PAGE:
The basics, benefits and risks of cell-based architecture
Developers who work with microservices may find the concept familiar, but cell-based architecture takes its own spin on modularity to address large-scale system failover issues.
If enterprise developers and architects had to identify one operational demand that continuously haunts them, continuous uptime would be at the top of that list. Classic failover strategies, such as reverting to backup databases or servers, work fine when a single component fails in isolation. However, this remedy falls short when an error induces cascading component failures that could bring down entire application systems.
Cell-based architecture design is one approach aimed at remedying this issue by eliminating single points of failure. In this article, we cover the basics of cell-based architecture, detail the problems it solves, explore when it's an appropriate approach and, finally, assess the potential management risks it may pose.
The basics of cell-based architecture
The cell-based architecture approach addresses issues related to failover by decomposing a software system into large collections of partial or complete copies of the system's various application services and data components. In the case of microservices-based applications, each cell would encompass one or more microservices that operate in accordance with defined business logic. Each cell is independently deployable, configurable and observable as its own instance.
Cell-based architecture takes the fundamental concepts related to microservices and applies them across the entire software environment and the applications within. Microservices enable teams to create small, independent, separate services. If one microservice goes down, the rest of the application system can remain operational. Similarly, cell-based architectures make small, independent copies of the entire production environment; if one copy of production goes down, it likely only takes down a single user.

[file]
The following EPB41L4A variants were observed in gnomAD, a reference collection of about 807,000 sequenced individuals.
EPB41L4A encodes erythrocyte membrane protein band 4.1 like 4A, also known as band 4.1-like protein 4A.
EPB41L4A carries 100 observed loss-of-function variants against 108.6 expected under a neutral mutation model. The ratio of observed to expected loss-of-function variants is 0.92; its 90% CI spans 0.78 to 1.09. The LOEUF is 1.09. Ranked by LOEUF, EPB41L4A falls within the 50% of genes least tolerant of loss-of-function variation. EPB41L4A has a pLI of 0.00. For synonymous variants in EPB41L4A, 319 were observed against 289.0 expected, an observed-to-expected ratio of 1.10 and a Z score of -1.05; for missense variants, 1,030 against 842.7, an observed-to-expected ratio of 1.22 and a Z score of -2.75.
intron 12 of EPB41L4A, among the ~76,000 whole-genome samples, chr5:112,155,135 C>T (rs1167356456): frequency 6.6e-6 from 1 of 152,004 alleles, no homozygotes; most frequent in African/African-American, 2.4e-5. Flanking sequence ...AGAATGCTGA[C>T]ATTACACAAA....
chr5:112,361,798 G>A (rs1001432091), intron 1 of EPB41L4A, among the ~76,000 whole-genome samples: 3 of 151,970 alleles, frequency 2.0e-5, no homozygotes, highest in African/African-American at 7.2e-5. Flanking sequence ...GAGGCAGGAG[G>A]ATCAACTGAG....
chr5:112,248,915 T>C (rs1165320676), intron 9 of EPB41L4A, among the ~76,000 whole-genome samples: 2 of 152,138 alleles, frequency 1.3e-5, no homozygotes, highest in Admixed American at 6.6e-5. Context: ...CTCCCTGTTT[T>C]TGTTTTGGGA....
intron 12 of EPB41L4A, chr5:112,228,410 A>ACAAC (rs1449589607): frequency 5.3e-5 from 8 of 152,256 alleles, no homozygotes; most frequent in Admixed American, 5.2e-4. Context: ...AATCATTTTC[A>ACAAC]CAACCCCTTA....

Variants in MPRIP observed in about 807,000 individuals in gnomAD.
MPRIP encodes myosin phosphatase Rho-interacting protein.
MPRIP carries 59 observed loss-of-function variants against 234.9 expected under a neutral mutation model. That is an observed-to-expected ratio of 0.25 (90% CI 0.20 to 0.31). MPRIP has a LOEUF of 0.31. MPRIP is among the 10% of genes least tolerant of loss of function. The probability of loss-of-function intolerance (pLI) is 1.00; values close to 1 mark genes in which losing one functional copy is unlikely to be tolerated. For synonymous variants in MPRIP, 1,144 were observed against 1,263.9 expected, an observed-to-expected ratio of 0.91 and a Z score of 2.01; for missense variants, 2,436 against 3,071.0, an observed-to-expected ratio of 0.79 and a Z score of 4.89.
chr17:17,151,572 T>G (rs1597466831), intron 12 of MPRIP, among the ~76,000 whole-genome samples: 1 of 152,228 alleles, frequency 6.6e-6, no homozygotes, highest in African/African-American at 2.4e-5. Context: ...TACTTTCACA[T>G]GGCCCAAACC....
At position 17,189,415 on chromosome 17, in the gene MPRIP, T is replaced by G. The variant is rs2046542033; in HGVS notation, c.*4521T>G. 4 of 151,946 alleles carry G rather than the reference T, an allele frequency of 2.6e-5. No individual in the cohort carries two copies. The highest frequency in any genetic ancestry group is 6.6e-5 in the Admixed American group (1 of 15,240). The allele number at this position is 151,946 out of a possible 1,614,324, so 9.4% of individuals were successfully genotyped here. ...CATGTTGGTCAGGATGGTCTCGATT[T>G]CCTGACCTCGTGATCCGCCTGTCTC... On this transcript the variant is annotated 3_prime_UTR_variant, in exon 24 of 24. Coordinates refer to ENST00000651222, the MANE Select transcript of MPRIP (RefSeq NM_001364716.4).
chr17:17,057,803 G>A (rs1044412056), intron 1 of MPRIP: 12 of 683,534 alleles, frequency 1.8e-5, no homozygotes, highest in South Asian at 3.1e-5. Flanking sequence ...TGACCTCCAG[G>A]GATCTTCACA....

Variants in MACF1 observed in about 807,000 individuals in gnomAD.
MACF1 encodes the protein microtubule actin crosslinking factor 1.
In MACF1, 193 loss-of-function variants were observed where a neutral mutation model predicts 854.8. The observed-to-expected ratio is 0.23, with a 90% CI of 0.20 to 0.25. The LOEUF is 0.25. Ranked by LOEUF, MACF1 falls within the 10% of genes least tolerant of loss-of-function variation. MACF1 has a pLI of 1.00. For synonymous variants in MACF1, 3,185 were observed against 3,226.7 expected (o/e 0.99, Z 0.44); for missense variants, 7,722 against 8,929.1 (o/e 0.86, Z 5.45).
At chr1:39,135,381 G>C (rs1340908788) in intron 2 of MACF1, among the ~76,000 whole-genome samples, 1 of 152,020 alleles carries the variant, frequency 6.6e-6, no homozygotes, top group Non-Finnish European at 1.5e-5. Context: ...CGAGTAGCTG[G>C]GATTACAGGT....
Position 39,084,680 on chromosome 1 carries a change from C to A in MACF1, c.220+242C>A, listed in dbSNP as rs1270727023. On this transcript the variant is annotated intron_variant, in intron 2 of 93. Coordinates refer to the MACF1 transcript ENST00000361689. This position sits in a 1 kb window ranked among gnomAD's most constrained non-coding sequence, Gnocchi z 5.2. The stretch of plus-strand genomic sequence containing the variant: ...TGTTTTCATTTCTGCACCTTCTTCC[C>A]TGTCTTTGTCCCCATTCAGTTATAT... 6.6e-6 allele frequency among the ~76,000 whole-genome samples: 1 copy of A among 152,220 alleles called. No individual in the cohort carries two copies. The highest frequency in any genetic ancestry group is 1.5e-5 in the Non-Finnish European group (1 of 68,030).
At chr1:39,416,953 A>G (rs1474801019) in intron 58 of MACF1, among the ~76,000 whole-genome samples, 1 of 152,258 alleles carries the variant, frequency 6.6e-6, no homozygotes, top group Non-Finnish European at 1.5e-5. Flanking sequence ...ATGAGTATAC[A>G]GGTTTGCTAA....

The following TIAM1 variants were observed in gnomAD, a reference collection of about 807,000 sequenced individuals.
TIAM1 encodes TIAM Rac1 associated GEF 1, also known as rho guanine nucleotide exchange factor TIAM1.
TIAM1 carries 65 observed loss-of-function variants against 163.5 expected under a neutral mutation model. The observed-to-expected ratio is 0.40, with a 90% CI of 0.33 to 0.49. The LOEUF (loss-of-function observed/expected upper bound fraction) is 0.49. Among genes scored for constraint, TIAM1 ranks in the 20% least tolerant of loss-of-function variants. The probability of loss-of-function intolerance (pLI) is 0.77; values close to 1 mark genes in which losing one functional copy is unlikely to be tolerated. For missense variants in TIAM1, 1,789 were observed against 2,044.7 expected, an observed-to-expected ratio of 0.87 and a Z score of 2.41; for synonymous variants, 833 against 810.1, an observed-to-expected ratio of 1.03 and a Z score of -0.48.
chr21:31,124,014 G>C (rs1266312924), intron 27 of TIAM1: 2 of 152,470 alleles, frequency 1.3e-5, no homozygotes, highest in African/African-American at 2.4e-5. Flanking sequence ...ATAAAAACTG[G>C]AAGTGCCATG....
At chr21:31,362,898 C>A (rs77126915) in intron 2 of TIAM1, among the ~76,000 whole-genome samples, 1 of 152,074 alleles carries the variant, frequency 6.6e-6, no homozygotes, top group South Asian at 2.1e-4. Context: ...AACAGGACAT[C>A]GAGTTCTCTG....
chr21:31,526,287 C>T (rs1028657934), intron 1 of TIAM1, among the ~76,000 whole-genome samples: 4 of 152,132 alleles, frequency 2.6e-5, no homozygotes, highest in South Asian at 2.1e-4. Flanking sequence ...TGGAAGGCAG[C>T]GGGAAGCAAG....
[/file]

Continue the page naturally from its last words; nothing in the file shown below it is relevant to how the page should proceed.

Cells don't need to include the entire architecture: They can encompass just one logically connected set of services. However, these services can be combined into a Kubernetes cluster, creating a cluster of clusters. Cellery is an open source tool that accelerates the design and deployment of cell-based systems.
Consider a scenario where a single user, on average, sits on roughly 10 of 100 cell-based copies of application services. A single failure involving that one user might bring down the 10 cells in use, but a random distribution of user information essentially guarantees that any other user will not sit on exactly the same 10 cells. Mathematically, the odds become about 1 in 62 quintillion that a single failure causes cascading failures that affect all users and services. Developers can isolate a single problematic cell instance without locking other users out of an application while addressing the issue.
Benefits of cell-based architecture